Jumping crocodiles near Darwin

Jumping crocodiles near Darwin

Now I’m back home in the arms of my loved ones. Drool has had his nose put out of joint by my tale of creatures more prehistoric even than he. Peg is, as so often, my anchor:

Jumping crocodiles near Darwin

Jumping crocodiles near Darwin

That’s all for today dudes.

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6 CommentsLeave a comment

  1. So. Because there are no photos of you in any of the photos of the crocodiles, I’m assuming that your experience of them is second hand as you stayed safely ensconced inside the book inside TC’s bag, right? Drool has every right to be miffed as you weren’t even brave enough to venture out to see those prehistoric creatures. Harrrummppph!

    I also notice that you are BEHIND the painted croc’s picture on the bus too, not in front. Scaredy cat!😉

  2. Hallo Rhonda
    Don’t hold back now, just say what you feel!😉 Now, ’tis not by indulging in needless or heedless derring-do that this worm has survived these long 25 years and more. Still, I do promise to relate a tale of breathless bravery that ended badly, indeed almost disastrously, for this intrepid traveller. I do invite you to await my next post with bated breath.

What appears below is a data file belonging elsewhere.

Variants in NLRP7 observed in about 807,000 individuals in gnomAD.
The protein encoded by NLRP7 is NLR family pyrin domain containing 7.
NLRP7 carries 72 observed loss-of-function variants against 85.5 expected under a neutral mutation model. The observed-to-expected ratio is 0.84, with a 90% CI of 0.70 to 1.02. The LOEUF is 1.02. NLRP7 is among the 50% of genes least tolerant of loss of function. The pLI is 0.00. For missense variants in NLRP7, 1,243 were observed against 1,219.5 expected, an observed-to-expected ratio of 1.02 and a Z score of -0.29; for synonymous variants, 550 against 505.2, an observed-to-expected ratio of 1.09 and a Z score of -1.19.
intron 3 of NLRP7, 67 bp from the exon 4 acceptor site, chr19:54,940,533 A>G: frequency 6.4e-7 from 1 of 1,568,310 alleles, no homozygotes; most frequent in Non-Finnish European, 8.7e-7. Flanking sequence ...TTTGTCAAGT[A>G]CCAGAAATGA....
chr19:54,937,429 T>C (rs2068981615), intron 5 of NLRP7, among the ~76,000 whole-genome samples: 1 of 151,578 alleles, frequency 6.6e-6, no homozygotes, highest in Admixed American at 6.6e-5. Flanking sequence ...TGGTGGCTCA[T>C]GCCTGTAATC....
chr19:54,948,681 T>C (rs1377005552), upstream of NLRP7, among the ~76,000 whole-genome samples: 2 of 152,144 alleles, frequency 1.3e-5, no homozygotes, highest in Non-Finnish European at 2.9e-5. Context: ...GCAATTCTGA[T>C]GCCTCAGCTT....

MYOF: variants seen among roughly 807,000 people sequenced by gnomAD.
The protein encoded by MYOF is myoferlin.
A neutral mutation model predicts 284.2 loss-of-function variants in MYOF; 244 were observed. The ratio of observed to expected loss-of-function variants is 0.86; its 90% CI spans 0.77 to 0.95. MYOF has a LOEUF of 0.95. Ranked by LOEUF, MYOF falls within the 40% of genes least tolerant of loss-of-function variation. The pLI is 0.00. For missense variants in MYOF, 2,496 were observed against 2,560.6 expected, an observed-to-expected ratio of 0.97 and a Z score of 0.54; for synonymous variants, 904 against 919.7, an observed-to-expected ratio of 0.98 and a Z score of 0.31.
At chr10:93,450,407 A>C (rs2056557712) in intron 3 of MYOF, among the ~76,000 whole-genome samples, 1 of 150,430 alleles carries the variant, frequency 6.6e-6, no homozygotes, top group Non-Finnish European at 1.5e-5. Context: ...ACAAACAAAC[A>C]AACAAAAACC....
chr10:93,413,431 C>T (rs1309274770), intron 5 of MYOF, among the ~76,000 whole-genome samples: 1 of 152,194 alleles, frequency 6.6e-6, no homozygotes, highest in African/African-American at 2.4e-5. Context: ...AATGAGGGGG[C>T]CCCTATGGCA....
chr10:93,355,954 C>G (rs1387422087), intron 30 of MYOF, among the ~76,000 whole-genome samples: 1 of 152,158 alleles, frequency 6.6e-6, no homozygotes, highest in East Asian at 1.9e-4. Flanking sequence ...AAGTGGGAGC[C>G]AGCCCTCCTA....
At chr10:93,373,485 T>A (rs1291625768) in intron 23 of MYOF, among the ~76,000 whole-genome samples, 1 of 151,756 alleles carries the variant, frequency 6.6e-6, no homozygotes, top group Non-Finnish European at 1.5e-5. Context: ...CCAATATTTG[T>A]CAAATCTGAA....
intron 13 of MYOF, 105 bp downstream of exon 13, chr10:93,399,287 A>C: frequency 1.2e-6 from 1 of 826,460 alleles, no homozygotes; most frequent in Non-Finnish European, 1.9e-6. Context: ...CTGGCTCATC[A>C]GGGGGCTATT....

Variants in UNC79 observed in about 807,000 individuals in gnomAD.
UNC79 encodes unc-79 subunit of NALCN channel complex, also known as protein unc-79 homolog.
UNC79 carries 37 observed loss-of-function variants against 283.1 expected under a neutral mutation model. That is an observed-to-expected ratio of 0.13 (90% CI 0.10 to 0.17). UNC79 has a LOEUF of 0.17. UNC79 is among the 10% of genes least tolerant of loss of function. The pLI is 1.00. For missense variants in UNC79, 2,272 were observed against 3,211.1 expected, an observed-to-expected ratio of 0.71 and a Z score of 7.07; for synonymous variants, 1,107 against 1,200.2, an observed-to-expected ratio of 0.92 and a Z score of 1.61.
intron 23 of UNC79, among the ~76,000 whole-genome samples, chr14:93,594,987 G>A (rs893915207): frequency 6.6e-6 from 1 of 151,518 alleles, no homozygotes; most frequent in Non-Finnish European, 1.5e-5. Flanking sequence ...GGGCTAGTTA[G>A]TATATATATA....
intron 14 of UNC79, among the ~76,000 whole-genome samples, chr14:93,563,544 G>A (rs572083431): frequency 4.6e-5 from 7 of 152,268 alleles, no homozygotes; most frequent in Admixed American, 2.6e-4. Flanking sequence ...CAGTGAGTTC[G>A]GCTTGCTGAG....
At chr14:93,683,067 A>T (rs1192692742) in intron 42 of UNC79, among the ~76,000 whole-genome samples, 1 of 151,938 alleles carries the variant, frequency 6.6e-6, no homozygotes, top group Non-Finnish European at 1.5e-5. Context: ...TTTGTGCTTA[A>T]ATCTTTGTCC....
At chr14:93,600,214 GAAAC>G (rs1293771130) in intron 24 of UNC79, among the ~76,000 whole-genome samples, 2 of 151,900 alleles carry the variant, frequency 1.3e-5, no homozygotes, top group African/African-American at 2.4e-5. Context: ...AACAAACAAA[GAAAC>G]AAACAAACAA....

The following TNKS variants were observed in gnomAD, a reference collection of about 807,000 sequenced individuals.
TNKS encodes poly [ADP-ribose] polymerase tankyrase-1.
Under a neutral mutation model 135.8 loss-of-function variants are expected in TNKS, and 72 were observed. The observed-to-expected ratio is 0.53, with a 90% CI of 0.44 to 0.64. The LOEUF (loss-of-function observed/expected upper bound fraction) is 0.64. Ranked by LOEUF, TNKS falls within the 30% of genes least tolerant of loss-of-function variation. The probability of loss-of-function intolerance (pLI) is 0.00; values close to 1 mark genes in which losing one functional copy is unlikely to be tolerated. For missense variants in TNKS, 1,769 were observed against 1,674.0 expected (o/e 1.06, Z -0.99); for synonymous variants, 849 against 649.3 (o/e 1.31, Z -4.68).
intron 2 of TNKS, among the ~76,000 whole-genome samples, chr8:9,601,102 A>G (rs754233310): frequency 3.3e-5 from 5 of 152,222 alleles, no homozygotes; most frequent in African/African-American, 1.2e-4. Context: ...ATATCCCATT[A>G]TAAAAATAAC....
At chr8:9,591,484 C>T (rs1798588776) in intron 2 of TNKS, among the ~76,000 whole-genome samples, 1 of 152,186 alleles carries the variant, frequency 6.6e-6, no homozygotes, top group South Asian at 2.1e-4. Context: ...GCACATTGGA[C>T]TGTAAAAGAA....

Yours in admiration and appreciation of a perceptive reader,
    Mark Wordsworm
    Travelling Worm

  3. […] tip for free: Go looking for the crocs. I wrote about them last […]

  4. […] If you’d like to see more pictures and words about Mindil Market and Darwin, take a look at what the Travelling Worm has to say. He was there at AODC too, strictly under cover of course. He did valiantly stand between me and a crocodile or two. […]

  5. Jeeze crocodiles are far more scary when they AREN’T wallets haha

  6. Hallo Crocodile Wallet
    That’s funny. It led me to thinking that we Travelling Worms carry a lot more weight when we’re not butterflies. Hmmm, thoughts of change and mortality are scary things.
    Yours in philosophical musings,
    Wordsworm